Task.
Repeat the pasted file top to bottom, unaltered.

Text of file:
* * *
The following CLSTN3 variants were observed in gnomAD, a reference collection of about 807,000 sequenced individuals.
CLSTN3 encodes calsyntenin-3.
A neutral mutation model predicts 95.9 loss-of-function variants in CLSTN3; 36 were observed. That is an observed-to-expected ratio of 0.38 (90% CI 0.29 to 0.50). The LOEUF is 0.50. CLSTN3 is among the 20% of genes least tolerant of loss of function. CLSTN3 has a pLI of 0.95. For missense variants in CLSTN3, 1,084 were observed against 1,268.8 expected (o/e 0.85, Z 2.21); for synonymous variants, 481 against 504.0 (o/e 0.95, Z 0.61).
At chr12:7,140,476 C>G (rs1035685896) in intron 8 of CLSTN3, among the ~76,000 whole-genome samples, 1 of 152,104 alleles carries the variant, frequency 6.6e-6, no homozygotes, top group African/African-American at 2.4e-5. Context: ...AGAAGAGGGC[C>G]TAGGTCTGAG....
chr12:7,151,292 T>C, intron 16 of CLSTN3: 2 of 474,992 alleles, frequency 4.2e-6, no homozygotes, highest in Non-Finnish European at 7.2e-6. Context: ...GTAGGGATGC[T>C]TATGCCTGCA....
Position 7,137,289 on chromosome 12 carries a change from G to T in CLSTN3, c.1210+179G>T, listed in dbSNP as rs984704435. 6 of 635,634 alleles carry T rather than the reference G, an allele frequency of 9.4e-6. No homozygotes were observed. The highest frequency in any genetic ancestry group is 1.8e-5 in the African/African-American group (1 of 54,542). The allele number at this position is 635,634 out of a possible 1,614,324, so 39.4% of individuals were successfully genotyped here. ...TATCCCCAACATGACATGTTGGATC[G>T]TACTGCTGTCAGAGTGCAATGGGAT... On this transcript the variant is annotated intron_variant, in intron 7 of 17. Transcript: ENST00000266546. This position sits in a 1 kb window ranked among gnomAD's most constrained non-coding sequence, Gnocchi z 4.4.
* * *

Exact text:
The following CLSTN3 variants were observed in gnomAD, a reference collection of about 807,000 sequenced individuals.
CLSTN3 encodes calsyntenin-3.
A neutral mutation model predicts 95.9 loss-of-function variants in CLSTN3; 36 were observed. That is an observed-to-expected ratio of 0.38 (90% CI 0.29 to 0.50). The LOEUF is 0.50. CLSTN3 is among the 20% of genes least tolerant of loss of function. CLSTN3 has a pLI of 0.95. For missense variants in CLSTN3, 1,084 were observed against 1,268.8 expected (o/e 0.85, Z 2.21); for synonymous variants, 481 against 504.0 (o/e 0.95, Z 0.61).
At chr12:7,140,476 C>G (rs1035685896) in intron 8 of CLSTN3, among the ~76,000 whole-genome samples, 1 of 152,104 alleles carries the variant, frequency 6.6e-6, no homozygotes, top group African/African-American at 2.4e-5. Context: ...AGAAGAGGGC[C>G]TAGGTCTGAG....
chr12:7,151,292 T>C, intron 16 of CLSTN3: 2 of 474,992 alleles, frequency 4.2e-6, no homozygotes, highest in Non-Finnish European at 7.2e-6. Context: ...GTAGGGATGC[T>C]TATGCCTGCA....
Position 7,137,289 on chromosome 12 carries a change from G to T in CLSTN3, c.1210+179G>T, listed in dbSNP as rs984704435. 6 of 635,634 alleles carry T rather than the reference G, an allele frequency of 9.4e-6. No homozygotes were observed. The highest frequency in any genetic ancestry group is 1.8e-5 in the African/African-American group (1 of 54,542). The allele number at this position is 635,634 out of a possible 1,614,324, so 39.4% of individuals were successfully genotyped here. ...TATCCCCAACATGACATGTTGGATC[G>T]TACTGCTGTCAGAGTGCAATGGGAT... On this transcript the variant is annotated intron_variant, in intron 7 of 17. Transcript: ENST00000266546. This position sits in a 1 kb window ranked among gnomAD's most constrained non-coding sequence, Gnocchi z 4.4.